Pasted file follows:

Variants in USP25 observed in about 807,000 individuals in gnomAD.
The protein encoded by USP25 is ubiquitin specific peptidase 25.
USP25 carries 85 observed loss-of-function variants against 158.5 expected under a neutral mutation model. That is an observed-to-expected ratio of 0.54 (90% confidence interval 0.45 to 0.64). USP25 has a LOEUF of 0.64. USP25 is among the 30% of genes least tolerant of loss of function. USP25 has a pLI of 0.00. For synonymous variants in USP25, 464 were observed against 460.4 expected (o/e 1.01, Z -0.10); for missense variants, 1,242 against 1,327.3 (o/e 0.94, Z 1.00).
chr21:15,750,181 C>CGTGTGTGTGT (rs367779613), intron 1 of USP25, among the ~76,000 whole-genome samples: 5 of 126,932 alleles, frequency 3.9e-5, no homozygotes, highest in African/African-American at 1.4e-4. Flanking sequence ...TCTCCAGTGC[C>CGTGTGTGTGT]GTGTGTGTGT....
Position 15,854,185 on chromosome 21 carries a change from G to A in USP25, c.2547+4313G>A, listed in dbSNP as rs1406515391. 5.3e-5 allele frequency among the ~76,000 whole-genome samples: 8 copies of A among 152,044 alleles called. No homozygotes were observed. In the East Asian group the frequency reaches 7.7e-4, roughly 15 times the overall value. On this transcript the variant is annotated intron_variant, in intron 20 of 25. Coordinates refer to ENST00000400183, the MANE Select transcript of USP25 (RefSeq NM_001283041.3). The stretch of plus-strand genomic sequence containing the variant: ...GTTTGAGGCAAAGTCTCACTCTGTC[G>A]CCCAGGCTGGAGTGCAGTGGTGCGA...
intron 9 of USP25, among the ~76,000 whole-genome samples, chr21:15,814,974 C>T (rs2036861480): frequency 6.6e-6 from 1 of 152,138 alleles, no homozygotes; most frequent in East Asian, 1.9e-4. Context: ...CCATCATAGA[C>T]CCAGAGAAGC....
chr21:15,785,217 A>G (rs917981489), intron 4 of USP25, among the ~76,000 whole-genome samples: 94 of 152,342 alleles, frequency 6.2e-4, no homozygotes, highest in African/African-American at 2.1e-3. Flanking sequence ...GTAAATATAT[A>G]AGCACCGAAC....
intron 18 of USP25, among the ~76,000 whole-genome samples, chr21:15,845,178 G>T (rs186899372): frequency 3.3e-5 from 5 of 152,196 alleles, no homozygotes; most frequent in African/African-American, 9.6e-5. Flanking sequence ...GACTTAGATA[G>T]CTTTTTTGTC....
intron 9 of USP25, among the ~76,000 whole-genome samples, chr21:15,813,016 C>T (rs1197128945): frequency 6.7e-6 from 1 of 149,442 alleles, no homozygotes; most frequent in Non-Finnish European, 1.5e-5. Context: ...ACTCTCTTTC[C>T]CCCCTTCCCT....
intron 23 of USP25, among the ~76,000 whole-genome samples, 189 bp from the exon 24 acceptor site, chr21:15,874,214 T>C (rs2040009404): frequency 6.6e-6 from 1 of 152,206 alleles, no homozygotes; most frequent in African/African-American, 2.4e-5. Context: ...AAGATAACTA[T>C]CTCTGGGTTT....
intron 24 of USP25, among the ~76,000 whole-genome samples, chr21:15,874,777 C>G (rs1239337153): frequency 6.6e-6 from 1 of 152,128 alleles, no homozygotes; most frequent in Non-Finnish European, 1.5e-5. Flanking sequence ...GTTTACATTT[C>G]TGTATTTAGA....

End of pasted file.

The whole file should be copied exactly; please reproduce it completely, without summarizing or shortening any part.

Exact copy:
Variants in USP25 observed in about 807,000 individuals in gnomAD.
The protein encoded by USP25 is ubiquitin specific peptidase 25.
USP25 carries 85 observed loss-of-function variants against 158.5 expected under a neutral mutation model. That is an observed-to-expected ratio of 0.54 (90% confidence interval 0.45 to 0.64). USP25 has a LOEUF of 0.64. USP25 is among the 30% of genes least tolerant of loss of function. USP25 has a pLI of 0.00. For synonymous variants in USP25, 464 were observed against 460.4 expected (o/e 1.01, Z -0.10); for missense variants, 1,242 against 1,327.3 (o/e 0.94, Z 1.00).
chr21:15,750,181 C>CGTGTGTGTGT (rs367779613), intron 1 of USP25, among the ~76,000 whole-genome samples: 5 of 126,932 alleles, frequency 3.9e-5, no homozygotes, highest in African/African-American at 1.4e-4. Flanking sequence ...TCTCCAGTGC[C>CGTGTGTGTGT]GTGTGTGTGT....
Position 15,854,185 on chromosome 21 carries a change from G to A in USP25, c.2547+4313G>A, listed in dbSNP as rs1406515391. 5.3e-5 allele frequency among the ~76,000 whole-genome samples: 8 copies of A among 152,044 alleles called. No homozygotes were observed. In the East Asian group the frequency reaches 7.7e-4, roughly 15 times the overall value. On this transcript the variant is annotated intron_variant, in intron 20 of 25. Coordinates refer to ENST00000400183, the MANE Select transcript of USP25 (RefSeq NM_001283041.3). The stretch of plus-strand genomic sequence containing the variant: ...GTTTGAGGCAAAGTCTCACTCTGTC[G>A]CCCAGGCTGGAGTGCAGTGGTGCGA...
intron 9 of USP25, among the ~76,000 whole-genome samples, chr21:15,814,974 C>T (rs2036861480): frequency 6.6e-6 from 1 of 152,138 alleles, no homozygotes; most frequent in East Asian, 1.9e-4. Context: ...CCATCATAGA[C>T]CCAGAGAAGC....
chr21:15,785,217 A>G (rs917981489), intron 4 of USP25, among the ~76,000 whole-genome samples: 94 of 152,342 alleles, frequency 6.2e-4, no homozygotes, highest in African/African-American at 2.1e-3. Flanking sequence ...GTAAATATAT[A>G]AGCACCGAAC....
intron 18 of USP25, among the ~76,000 whole-genome samples, chr21:15,845,178 G>T (rs186899372): frequency 3.3e-5 from 5 of 152,196 alleles, no homozygotes; most frequent in African/African-American, 9.6e-5. Flanking sequence ...GACTTAGATA[G>T]CTTTTTTGTC....
intron 9 of USP25, among the ~76,000 whole-genome samples, chr21:15,813,016 C>T (rs1197128945): frequency 6.7e-6 from 1 of 149,442 alleles, no homozygotes; most frequent in Non-Finnish European, 1.5e-5. Context: ...ACTCTCTTTC[C>T]CCCCTTCCCT....
intron 23 of USP25, among the ~76,000 whole-genome samples, 189 bp from the exon 24 acceptor site, chr21:15,874,214 T>C (rs2040009404): frequency 6.6e-6 from 1 of 152,206 alleles, no homozygotes; most frequent in African/African-American, 2.4e-5. Context: ...AAGATAACTA[T>C]CTCTGGGTTT....
intron 24 of USP25, among the ~76,000 whole-genome samples, chr21:15,874,777 C>G (rs1239337153): frequency 6.6e-6 from 1 of 152,128 alleles, no homozygotes; most frequent in Non-Finnish European, 1.5e-5. Flanking sequence ...GTTTACATTT[C>G]TGTATTTAGA....